Civil Law

By Aulich


Miscarriage Leave

One in four pregnancies in Australia will end in miscarriage. This is a high percentage of women suffering at any one point, and often suffering in silence.

I personally have not suffered a miscarriage, but I know a number of women who have, including my mother and sister. It wasn’t until they went through a miscarriage that I learnt more about it and how traumatic it can be. Not only the physical aspect, which can be days or weeks of debilitating pain and bleeding, there is the mental and emotional toll that can be far worse than the physical aspect.

The Sex Discrimination and Fair Work (Respect at Work) Amendment Bill 2021 recently passed in September 2021 which amended the Fair Work Act 2009 to include miscarriage as a ground for compassionate leave.

Employees are now entitled to two days leave if they suffer a miscarriage before 20 weeks.

By including this in legislation, this works towards removing the stigma around miscarriage so employees can feel comfortable to take time off when going through a traumatic experience.

Two days leave is the statutory minimum. However, workplaces can extend this. Public servants in New South Wales, for example, are provided five days leave.

There is also the workplace culture to consider. Having an open and supportive culture enables your employees to feel looked after. Many workplaces (Aulich is one of them) offer Employee Assistance Programmes (EAP) where the workplace pays for its employees to access confidential counselling. A workplace that has an EAP service should also encourage staff to make use of such resources.  These form part and parcel of a safe workplace and positive workplace culture, which ultimately leads to employee productivity and business success.

What the Legislation Says

All employees, including casual employees, are entitled to two days of compassionate leave (also known as bereavement leave).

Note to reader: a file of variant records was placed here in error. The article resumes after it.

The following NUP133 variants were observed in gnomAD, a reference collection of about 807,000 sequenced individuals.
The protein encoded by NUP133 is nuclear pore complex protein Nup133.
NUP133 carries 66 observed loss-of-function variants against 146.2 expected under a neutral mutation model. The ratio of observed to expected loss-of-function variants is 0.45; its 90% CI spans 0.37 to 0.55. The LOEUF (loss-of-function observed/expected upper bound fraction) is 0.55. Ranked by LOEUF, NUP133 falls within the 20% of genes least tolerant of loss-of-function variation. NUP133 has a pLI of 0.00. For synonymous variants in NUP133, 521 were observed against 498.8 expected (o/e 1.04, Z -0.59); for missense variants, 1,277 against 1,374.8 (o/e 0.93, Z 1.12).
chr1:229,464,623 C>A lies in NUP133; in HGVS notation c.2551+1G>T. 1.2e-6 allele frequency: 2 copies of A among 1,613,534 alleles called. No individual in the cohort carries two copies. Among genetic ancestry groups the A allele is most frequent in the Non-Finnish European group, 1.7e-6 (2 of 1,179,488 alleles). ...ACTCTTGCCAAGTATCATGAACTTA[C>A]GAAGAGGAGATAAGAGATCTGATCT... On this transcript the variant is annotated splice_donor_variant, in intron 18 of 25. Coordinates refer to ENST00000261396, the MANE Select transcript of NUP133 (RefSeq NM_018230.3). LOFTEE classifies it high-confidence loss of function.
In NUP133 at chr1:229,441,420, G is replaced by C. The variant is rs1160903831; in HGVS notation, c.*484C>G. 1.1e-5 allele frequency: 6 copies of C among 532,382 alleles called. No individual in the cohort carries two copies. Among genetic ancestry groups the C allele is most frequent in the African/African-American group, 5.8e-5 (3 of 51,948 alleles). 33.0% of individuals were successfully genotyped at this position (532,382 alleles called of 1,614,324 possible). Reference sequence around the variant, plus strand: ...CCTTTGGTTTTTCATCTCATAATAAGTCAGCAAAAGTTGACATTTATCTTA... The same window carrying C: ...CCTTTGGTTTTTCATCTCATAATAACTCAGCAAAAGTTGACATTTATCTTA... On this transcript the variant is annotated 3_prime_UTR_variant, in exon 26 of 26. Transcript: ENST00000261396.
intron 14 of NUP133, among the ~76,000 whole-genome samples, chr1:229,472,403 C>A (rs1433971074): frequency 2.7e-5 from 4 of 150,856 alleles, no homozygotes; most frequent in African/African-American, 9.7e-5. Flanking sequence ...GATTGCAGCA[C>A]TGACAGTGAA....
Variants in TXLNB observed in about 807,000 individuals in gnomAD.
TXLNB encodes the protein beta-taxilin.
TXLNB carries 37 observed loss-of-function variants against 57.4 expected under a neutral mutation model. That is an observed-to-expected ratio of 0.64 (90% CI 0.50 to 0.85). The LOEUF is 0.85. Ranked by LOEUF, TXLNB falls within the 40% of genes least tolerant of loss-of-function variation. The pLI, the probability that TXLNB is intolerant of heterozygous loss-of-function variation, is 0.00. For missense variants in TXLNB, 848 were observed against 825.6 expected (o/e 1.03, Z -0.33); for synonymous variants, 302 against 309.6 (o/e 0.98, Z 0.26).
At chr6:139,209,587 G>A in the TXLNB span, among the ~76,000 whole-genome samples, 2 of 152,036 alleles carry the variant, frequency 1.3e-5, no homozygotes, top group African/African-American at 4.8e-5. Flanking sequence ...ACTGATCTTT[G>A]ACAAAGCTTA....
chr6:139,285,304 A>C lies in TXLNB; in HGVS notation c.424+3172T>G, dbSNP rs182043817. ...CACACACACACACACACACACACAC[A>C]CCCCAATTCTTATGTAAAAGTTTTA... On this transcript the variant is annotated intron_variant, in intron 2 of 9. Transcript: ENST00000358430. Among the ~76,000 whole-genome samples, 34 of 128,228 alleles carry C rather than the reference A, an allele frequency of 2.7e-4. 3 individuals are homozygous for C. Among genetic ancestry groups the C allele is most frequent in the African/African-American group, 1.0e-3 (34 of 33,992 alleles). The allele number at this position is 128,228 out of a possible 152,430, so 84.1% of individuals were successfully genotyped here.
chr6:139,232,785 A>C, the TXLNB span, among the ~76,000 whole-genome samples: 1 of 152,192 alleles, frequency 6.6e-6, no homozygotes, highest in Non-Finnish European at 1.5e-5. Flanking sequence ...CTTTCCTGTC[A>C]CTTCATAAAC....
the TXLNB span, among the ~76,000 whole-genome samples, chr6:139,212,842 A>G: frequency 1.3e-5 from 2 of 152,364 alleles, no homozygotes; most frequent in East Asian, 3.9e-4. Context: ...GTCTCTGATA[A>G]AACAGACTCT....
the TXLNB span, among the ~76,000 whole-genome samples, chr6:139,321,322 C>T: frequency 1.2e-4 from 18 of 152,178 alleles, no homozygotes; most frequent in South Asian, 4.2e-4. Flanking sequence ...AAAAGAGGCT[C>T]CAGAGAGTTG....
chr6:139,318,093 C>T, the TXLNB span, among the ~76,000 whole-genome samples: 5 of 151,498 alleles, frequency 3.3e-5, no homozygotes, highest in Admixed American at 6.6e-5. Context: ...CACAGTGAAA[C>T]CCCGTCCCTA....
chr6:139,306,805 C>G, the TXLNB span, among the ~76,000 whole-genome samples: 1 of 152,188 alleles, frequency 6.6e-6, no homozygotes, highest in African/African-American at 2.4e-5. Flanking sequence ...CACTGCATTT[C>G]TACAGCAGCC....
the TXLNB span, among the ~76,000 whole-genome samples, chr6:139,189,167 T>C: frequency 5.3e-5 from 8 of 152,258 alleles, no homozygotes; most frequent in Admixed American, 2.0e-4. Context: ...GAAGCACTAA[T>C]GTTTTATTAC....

This leave can be taken when a member of an employee’s immediate family dies (including a stillborn child), or contracts or develops a life-threatening illness or injury. Further to this, miscarriage is now included as a ground for compassionate leave. Miscarriage is defined as the spontaneous loss of an embryo or fetus before a period of gestation of 20 weeks.

Full-time and part-time employees receive paid compassionate leave. Casual employees receive unpaid compassionate leave.

Employment Agreements and Leave Policy

You do not need to change your employment agreements to include miscarriage as a ground for leave as it is a legislative change that falls under compassionate leave.

However, if it has been a while since you have last updated your employment agreements, it is a good idea to seek legal advice to ensure your agreements conform to the current legislation.

Employers should update their leave policies to include miscarriage leave entitlements.

If you are an employer that needs legal advice, including assistance in updating your employment agreements; or an employee who requires legal advice, you should contact the team at Aulich Civil Law on 6279 4222 or